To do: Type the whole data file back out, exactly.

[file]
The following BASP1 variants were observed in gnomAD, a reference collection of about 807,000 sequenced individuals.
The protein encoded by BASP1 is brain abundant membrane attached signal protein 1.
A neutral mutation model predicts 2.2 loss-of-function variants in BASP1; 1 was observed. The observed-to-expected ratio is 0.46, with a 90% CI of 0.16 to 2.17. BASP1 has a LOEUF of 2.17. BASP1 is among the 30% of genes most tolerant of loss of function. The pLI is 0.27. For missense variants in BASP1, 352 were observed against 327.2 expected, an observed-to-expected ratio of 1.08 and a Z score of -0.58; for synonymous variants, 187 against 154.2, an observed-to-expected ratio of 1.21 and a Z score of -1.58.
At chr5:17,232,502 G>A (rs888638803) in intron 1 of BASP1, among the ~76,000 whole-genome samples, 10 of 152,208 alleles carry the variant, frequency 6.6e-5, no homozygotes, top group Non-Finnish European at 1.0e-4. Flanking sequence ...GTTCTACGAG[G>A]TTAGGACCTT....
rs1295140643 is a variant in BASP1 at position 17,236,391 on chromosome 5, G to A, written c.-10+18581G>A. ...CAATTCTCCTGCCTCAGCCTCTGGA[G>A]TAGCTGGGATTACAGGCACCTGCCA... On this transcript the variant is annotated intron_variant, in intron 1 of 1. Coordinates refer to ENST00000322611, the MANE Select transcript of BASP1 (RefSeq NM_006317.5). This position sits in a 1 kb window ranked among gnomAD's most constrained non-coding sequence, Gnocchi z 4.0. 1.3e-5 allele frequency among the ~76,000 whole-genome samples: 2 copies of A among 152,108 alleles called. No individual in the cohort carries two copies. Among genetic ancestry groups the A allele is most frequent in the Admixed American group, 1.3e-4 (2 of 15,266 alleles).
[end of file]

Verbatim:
The following BASP1 variants were observed in gnomAD, a reference collection of about 807,000 sequenced individuals.
The protein encoded by BASP1 is brain abundant membrane attached signal protein 1.
A neutral mutation model predicts 2.2 loss-of-function variants in BASP1; 1 was observed. The observed-to-expected ratio is 0.46, with a 90% CI of 0.16 to 2.17. BASP1 has a LOEUF of 2.17. BASP1 is among the 30% of genes most tolerant of loss of function. The pLI is 0.27. For missense variants in BASP1, 352 were observed against 327.2 expected, an observed-to-expected ratio of 1.08 and a Z score of -0.58; for synonymous variants, 187 against 154.2, an observed-to-expected ratio of 1.21 and a Z score of -1.58.
At chr5:17,232,502 G>A (rs888638803) in intron 1 of BASP1, among the ~76,000 whole-genome samples, 10 of 152,208 alleles carry the variant, frequency 6.6e-5, no homozygotes, top group Non-Finnish European at 1.0e-4. Flanking sequence ...GTTCTACGAG[G>A]TTAGGACCTT....
rs1295140643 is a variant in BASP1 at position 17,236,391 on chromosome 5, G to A, written c.-10+18581G>A. ...CAATTCTCCTGCCTCAGCCTCTGGA[G>A]TAGCTGGGATTACAGGCACCTGCCA... On this transcript the variant is annotated intron_variant, in intron 1 of 1. Coordinates refer to ENST00000322611, the MANE Select transcript of BASP1 (RefSeq NM_006317.5). This position sits in a 1 kb window ranked among gnomAD's most constrained non-coding sequence, Gnocchi z 4.0. 1.3e-5 allele frequency among the ~76,000 whole-genome samples: 2 copies of A among 152,108 alleles called. No individual in the cohort carries two copies. Among genetic ancestry groups the A allele is most frequent in the Admixed American group, 1.3e-4 (2 of 15,266 alleles).